If you have been presented with a Section 20 agreement and are worried about what it means and what to do next, our family law team can help.
Watch this video to find out what Section 20 means, the options available, how you can withdraw Section 20 consent at any time and why you need the support of a family solicitor.
What is a Section 20 Agreement?
A section 20 is a voluntary agreement between you and the Local Authority. It’s essentially when the Local Authority knocks on your door and they want to remove the child from your care and place them elsewhere. It can sometimes be called a section 20 consent or voluntary accommodation. Although the Local Authority doesn’t share parental responsibility, it can sometimes feel like you don’t have a choice in the situation so it’s really important that you do take legal advice at the start when the local authority raise this.
Do I have to agree to a Section 20?
The important thing to remember is that you don’t have to agree to a section 20. There can be good reasons for agreeing to a section 20, such as when a parent is struggling or they need to deal with a specific difficulty in their life.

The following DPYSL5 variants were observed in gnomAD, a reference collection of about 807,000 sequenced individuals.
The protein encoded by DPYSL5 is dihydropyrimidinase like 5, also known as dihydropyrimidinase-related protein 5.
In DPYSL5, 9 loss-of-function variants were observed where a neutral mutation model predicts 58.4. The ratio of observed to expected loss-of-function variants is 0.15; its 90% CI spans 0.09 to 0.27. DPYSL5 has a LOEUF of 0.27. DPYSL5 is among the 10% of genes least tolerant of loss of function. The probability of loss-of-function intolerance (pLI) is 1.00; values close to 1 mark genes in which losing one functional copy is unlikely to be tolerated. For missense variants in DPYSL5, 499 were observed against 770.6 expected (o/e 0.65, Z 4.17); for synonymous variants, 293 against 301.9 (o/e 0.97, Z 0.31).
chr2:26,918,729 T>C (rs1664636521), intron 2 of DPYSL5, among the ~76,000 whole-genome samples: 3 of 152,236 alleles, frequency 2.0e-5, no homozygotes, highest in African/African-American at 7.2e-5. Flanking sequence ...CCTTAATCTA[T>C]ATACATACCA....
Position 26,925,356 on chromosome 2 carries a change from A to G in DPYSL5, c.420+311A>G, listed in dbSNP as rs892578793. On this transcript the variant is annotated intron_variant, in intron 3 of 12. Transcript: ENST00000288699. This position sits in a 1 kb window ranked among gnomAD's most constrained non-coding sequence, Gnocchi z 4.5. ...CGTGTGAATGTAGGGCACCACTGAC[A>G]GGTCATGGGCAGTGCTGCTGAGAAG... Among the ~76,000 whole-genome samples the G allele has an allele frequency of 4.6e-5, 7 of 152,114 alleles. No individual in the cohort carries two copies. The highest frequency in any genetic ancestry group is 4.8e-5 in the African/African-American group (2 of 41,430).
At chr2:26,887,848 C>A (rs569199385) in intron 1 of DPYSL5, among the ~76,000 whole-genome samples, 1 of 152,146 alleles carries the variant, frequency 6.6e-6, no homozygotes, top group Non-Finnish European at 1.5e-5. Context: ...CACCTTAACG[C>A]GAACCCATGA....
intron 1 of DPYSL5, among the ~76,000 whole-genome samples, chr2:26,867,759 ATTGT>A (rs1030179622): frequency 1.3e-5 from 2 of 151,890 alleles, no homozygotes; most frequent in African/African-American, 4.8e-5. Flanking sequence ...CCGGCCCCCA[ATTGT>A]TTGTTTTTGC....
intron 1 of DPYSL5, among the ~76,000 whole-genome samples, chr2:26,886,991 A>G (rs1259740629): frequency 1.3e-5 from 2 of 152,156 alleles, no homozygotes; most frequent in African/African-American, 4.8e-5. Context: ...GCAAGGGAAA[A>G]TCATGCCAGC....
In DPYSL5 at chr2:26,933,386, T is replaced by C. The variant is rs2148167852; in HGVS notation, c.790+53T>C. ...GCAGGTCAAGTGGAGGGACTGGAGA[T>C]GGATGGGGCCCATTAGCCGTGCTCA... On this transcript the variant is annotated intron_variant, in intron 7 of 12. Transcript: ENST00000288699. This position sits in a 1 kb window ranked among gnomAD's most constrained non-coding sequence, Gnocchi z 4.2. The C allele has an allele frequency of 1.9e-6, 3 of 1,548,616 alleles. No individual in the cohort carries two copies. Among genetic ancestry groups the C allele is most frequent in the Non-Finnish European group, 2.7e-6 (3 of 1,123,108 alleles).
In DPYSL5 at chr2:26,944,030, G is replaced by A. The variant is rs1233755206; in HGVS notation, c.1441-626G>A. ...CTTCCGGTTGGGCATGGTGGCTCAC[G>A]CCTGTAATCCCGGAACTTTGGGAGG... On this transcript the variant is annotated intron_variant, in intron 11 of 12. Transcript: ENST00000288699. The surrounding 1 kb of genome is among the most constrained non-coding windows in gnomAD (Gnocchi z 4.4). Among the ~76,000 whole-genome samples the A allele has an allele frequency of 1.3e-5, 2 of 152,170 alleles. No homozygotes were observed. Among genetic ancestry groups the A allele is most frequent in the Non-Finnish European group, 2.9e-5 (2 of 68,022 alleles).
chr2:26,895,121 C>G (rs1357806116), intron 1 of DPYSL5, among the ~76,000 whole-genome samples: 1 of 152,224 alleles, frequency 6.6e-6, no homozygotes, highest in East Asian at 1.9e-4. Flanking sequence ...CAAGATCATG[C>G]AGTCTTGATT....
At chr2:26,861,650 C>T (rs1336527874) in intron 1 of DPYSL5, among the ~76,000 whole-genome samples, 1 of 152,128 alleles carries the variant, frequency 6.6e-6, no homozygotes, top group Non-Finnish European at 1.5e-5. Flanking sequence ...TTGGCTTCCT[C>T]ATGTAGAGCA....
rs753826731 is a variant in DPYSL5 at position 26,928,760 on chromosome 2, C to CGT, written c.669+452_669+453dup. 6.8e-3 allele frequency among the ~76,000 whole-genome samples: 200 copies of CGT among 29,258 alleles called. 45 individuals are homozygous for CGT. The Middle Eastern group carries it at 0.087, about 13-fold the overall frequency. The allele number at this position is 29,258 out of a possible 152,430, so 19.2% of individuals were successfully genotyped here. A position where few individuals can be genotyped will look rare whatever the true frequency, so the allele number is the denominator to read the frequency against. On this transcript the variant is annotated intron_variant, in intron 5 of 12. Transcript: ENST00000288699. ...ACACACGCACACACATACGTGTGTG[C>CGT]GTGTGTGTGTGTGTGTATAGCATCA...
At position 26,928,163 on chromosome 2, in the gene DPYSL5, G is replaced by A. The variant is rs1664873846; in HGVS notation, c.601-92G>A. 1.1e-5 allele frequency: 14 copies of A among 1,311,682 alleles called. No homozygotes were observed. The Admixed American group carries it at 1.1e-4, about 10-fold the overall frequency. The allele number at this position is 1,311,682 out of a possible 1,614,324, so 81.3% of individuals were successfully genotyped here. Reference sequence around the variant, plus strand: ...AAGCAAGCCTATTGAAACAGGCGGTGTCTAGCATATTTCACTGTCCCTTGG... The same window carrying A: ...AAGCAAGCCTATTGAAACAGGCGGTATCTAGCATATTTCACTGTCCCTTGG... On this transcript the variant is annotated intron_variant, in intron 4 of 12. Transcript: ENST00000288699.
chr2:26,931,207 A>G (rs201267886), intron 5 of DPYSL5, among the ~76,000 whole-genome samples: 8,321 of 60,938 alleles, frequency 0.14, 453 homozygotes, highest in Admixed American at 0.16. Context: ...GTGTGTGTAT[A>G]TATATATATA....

What happens if i don’t agree?
If you do not agree to section 20 and the Local Authority feel that your child should not remain in your care, then the Local Authority can apply to court for an interim care order or an emergency protection order.
Can I withdraw my consent and how?
If you’ve already signed a section 20 agreement, you can withdraw your consent at any time and ask that your child is returned back to your care. If the local authority does not think that this is the best thing for the child, then they can apply to court for an order.
What should I do next?
If your social worker has discussed a section 20 agreement with you, it’s really important that you speak with a family law solicitor to make sure that you understand what is happening and the options available to you and your family.
For more information, speak to our Family law team on 0151 236 8871 or use the contact form below
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